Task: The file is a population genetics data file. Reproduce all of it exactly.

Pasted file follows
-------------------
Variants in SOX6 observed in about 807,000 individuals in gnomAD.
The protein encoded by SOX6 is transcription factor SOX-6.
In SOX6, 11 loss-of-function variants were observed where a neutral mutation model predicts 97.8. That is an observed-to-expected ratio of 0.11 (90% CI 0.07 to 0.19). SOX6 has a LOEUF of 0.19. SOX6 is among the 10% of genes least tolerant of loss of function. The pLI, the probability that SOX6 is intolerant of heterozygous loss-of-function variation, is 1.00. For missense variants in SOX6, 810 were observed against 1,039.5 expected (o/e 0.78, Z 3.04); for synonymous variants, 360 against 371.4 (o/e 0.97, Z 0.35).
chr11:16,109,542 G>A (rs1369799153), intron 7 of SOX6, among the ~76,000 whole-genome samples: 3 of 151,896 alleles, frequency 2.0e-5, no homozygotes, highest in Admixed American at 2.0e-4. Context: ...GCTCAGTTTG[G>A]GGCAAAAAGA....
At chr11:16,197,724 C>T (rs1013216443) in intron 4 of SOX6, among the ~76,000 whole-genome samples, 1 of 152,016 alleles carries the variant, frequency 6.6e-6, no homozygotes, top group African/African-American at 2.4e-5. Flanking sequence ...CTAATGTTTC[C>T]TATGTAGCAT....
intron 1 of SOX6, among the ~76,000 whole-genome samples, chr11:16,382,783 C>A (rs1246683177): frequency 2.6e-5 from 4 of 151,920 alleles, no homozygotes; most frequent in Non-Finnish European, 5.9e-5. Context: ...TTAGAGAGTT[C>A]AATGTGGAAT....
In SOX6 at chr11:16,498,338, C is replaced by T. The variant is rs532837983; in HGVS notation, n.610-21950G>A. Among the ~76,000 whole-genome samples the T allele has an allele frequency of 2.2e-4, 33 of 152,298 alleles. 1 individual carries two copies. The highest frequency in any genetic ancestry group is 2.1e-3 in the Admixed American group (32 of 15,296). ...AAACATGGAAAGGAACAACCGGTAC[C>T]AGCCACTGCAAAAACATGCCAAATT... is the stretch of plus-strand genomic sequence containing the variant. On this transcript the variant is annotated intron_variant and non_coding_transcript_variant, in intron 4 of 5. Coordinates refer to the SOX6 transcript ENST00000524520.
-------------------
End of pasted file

Variants in SOX6 observed in about 807,000 individuals in gnomAD.
The protein encoded by SOX6 is transcription factor SOX-6.
In SOX6, 11 loss-of-function variants were observed where a neutral mutation model predicts 97.8. That is an observed-to-expected ratio of 0.11 (90% CI 0.07 to 0.19). SOX6 has a LOEUF of 0.19. SOX6 is among the 10% of genes least tolerant of loss of function. The pLI, the probability that SOX6 is intolerant of heterozygous loss-of-function variation, is 1.00. For missense variants in SOX6, 810 were observed against 1,039.5 expected (o/e 0.78, Z 3.04); for synonymous variants, 360 against 371.4 (o/e 0.97, Z 0.35).
chr11:16,109,542 G>A (rs1369799153), intron 7 of SOX6, among the ~76,000 whole-genome samples: 3 of 151,896 alleles, frequency 2.0e-5, no homozygotes, highest in Admixed American at 2.0e-4. Context: ...GCTCAGTTTG[G>A]GGCAAAAAGA....
At chr11:16,197,724 C>T (rs1013216443) in intron 4 of SOX6, among the ~76,000 whole-genome samples, 1 of 152,016 alleles carries the variant, frequency 6.6e-6, no homozygotes, top group African/African-American at 2.4e-5. Flanking sequence ...CTAATGTTTC[C>T]TATGTAGCAT....
intron 1 of SOX6, among the ~76,000 whole-genome samples, chr11:16,382,783 C>A (rs1246683177): frequency 2.6e-5 from 4 of 151,920 alleles, no homozygotes; most frequent in Non-Finnish European, 5.9e-5. Context: ...TTAGAGAGTT[C>A]AATGTGGAAT....
In SOX6 at chr11:16,498,338, C is replaced by T. The variant is rs532837983; in HGVS notation, n.610-21950G>A. Among the ~76,000 whole-genome samples the T allele has an allele frequency of 2.2e-4, 33 of 152,298 alleles. 1 individual carries two copies. The highest frequency in any genetic ancestry group is 2.1e-3 in the Admixed American group (32 of 15,296). ...AAACATGGAAAGGAACAACCGGTAC[C>T]AGCCACTGCAAAAACATGCCAAATT... is the stretch of plus-strand genomic sequence containing the variant. On this transcript the variant is annotated intron_variant and non_coding_transcript_variant, in intron 4 of 5. Coordinates refer to the SOX6 transcript ENST00000524520.